The Fine Line
All this choice talk causes me to worry on behalf of people who are new to training and maybe even new to having a dog as a family member. Giving a dog too much freedom too soon is such an easy mistake and we may be encouraging it in the wrong places. My dogs would love to be underfoot when I cook in the kitchen and wait for me to drop a crumb, but it’s not safe. Hence I have trained them to stay on mats. They would love to run around snatching items from visitors, but I have taught them alternatives. They would love to chew up my furniture and hey—peeing feels good wherever you do it. But I have taught them to chew their own stuff and to pee outside.
Training dogs to live with us involves limiting choices, especially at the beginning. There is no way around that. I think the way to mitigate it is to give them as many opportunities for reinforcement and enrichment we can within the confines we set. There are more limits with puppies or dogs new to our household; we can relax them as the dogs mature, habituate, and learn through training how to thrive in a human household.
Even though it limited her choices in the short term, one of the best things I ever did for my household and for Clara was to keep her crated at night as a youngster. I was consistent. Letting her be unconfined at night before she was house trained and before she had learned to leave my stuff alone would have created many problems. The tippy situation with the older dogs would have made it dangerous. And letting her out before she was ready would have broken both our hearts (permit me that small anthropomorphism) when I was later forced to crate her again for another long period.
So you can train your dog “yes and no” (although it’s much trickier than most methods allow for). You can set up husbandry methods planned around the dog leaving periodically, and call that “giving the dog choices.” Or you could, much less dramatically, observe what your dog likes throughout his life and give him opportunities to do it. You could provide multiple concurrent sources of enrichment. You could notice when he expresses a preference in his own way and honor it when you can. You could practice self-control on your own desires to influence your dog to pay attention to you or stay with you when it is not necessary.
Force is something humans do to dogs. Setting up an enriching life and training with positive reinforcement are the opposites of that. Those are the behaviors we humans can do so our dogs can make choices.
Text and photo of Clara copyright 2017 Eileen Anderson
Photos with pugs and the pugcat copyright 2017 Blanche Axton. Thank you, Blanche!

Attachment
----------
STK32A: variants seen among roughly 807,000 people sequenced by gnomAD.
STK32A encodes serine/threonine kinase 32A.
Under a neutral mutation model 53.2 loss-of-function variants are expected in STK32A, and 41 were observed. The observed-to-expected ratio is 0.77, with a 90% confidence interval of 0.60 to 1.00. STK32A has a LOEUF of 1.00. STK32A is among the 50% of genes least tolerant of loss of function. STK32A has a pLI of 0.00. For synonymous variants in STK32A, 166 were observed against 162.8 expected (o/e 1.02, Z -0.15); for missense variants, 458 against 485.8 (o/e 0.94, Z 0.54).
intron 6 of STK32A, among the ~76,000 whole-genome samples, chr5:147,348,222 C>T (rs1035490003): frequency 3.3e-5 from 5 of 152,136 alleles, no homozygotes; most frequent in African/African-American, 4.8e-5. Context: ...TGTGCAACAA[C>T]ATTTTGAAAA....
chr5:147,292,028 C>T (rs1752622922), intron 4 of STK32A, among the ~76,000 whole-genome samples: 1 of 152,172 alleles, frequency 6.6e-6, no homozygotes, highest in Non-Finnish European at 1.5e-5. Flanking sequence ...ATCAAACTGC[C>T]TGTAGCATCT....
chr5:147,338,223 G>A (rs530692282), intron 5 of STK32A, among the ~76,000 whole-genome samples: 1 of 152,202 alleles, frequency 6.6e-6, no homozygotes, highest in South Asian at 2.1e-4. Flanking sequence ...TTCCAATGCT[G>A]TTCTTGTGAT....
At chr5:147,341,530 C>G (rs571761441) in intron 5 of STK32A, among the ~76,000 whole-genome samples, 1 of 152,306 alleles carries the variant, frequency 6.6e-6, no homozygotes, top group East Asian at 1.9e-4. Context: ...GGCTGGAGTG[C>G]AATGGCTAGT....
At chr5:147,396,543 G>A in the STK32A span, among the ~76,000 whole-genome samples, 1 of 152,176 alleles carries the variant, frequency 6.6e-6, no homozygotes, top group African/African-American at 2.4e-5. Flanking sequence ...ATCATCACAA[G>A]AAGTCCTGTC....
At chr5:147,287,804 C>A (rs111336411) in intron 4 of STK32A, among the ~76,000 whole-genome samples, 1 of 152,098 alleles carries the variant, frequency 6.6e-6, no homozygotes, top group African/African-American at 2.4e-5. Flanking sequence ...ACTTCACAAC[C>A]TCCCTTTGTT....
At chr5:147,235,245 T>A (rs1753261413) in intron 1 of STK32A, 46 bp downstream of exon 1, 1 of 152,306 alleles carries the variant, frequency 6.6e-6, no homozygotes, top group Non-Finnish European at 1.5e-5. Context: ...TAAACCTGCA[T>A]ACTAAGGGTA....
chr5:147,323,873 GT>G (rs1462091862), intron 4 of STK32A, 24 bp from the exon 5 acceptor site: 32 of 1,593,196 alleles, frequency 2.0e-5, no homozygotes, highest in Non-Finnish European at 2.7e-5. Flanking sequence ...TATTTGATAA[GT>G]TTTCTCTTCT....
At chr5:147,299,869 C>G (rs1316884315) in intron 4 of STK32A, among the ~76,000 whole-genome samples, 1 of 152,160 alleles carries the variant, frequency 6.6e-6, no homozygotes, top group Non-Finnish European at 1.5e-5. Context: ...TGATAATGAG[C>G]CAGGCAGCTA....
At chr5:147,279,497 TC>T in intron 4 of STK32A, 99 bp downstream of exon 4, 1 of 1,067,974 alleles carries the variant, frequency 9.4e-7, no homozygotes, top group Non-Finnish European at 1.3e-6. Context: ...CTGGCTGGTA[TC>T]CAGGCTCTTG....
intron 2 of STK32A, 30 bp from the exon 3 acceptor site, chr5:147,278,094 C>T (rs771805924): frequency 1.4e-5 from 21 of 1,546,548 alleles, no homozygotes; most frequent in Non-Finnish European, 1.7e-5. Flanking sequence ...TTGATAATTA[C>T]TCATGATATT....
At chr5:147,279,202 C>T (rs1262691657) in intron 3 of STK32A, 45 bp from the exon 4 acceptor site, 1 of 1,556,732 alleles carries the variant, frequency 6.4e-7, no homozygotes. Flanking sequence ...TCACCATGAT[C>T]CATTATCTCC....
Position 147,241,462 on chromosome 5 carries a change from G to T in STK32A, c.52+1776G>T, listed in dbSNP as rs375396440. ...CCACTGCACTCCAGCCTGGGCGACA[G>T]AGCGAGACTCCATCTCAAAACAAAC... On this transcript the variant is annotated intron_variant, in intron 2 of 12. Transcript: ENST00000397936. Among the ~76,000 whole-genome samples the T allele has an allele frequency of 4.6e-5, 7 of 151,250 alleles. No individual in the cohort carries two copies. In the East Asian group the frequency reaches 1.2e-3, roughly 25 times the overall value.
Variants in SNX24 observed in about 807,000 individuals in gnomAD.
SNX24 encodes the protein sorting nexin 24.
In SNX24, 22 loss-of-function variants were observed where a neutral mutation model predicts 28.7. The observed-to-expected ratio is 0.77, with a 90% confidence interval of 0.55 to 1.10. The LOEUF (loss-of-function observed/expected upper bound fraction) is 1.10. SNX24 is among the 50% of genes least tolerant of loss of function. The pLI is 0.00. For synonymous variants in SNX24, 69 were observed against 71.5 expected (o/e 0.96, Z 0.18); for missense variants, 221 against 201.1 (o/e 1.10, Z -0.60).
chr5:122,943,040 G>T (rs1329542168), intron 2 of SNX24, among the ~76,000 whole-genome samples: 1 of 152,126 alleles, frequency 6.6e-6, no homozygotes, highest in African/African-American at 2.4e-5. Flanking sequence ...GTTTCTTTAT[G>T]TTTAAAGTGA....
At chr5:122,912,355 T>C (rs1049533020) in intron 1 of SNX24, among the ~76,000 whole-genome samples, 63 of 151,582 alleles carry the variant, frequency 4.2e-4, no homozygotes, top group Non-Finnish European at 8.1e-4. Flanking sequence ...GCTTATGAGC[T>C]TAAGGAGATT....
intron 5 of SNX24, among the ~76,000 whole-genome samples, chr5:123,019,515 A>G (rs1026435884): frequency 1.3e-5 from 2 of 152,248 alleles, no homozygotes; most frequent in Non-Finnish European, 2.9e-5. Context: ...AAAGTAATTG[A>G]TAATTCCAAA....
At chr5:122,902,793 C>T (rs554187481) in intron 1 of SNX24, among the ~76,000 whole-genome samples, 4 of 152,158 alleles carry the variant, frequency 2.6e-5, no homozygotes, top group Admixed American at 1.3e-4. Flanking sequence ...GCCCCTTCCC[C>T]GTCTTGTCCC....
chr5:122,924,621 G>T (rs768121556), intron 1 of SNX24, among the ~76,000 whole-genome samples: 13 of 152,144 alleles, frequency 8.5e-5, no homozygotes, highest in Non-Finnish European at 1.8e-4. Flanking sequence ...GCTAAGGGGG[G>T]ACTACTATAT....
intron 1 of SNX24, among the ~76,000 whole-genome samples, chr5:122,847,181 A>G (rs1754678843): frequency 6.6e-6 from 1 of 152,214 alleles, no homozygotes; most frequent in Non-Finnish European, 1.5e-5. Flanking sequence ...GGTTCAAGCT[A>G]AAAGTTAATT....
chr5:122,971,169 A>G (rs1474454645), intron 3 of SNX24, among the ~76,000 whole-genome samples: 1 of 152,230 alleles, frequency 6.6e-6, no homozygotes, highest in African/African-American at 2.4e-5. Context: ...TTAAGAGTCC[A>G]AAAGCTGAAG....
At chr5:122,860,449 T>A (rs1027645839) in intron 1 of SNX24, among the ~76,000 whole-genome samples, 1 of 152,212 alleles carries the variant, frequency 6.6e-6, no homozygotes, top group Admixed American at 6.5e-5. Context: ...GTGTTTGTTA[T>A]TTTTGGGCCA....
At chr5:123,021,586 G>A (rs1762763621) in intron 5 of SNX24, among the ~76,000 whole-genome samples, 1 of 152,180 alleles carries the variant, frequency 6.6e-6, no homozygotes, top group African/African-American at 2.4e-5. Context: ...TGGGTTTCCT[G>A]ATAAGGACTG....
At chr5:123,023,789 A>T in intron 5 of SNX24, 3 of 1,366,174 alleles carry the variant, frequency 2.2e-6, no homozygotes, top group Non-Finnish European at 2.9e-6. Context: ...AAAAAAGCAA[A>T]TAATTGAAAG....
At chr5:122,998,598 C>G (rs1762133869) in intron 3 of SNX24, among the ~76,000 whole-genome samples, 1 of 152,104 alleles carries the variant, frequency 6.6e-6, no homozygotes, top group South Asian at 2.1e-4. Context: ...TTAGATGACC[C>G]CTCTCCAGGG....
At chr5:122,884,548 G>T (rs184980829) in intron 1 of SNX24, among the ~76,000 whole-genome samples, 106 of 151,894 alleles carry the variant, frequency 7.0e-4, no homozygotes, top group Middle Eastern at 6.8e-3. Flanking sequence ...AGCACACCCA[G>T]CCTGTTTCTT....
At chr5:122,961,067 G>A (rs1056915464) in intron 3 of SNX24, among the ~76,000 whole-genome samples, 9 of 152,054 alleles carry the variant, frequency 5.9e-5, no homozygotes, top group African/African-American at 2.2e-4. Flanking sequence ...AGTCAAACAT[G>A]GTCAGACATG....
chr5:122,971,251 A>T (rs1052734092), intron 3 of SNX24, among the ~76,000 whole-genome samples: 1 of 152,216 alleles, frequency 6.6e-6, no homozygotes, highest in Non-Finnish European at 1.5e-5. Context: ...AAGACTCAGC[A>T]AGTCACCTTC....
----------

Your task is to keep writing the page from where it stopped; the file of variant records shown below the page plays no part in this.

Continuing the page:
14 thoughts on “The Opposite of Force”
Thank you, Eileen. Another thought-provoking article from you that has set me thinking and got me examining more closely how I live with my dogs. It’s so easy to slip into demanding –in the nicest possible way — simple behaviours that please us but maybe don’t please the dog. For example, some nights my Terrier doesn’t want to come up to bed with me and it’s a struggle for me to accept this. Your suggestion that we practice self-control over our desires will be ringing in my head next time the wee boy elects to spend the night on the sofa.
Thanks Carole, I think that’s the hardest one for me, too. That time period after Cricket died and everybody else decided to sleep somewhere else in the house was really hard! Not only did I miss having them with me, but it was so the opposite of the scenario I had in my head! Why, why, why?? I’ll never know, but we made it through and they came back of their own accord. Zani still has a strange little schedule but shows up in the wee hours sometimes…. Thanks for the comment! I never know when I put these out in the world how they will resonate. Appreciate your response!
As always, I appreciate the way you think about enrichment in terms of smaller, day-to-day interactions that can be made more dog-friendly rather than just big-picture changes like sniffing walks and puzzle toys.
I think I’ve mentioned before that your bootleg reinforcement article led me to notice that my dogs LOVE smelling my mail. Sniffing the junk mail has become one of the highlights of their day, especially for Indi. It’s 100% free for me and it turns something that used to be an irritating/disappointing obligation into something interesting that I can share with the dogs. Haven and Pan are broad-strokes sniffers who seem to take the whole thing in as one combined experience, but Indi really details it — he sniffs every inch of the mail, especially around seams where a hand would have smoothed down the tape.
When I come home from training appointments with client dogs, I’ve gotten into the habit of sitting on the floor for a minute or two so my clothes are accessible to the dogs. Indi obviously takes great joy in the opportunity to thoroughly sniff my clothes where I have touched the other dogs. If something comes in my house, as long as it’s dog-safe, I will almost always invite the dogs to smell it — groceries, packages, and they really love things from thrift stores. It has given me a whole new appreciation for how crucial scent is for their experience of the world, so I go out of my way to make sure they get access to novel smells during the course of our daily routine. (Our sniffing walks are the same route over and over due to safety issues).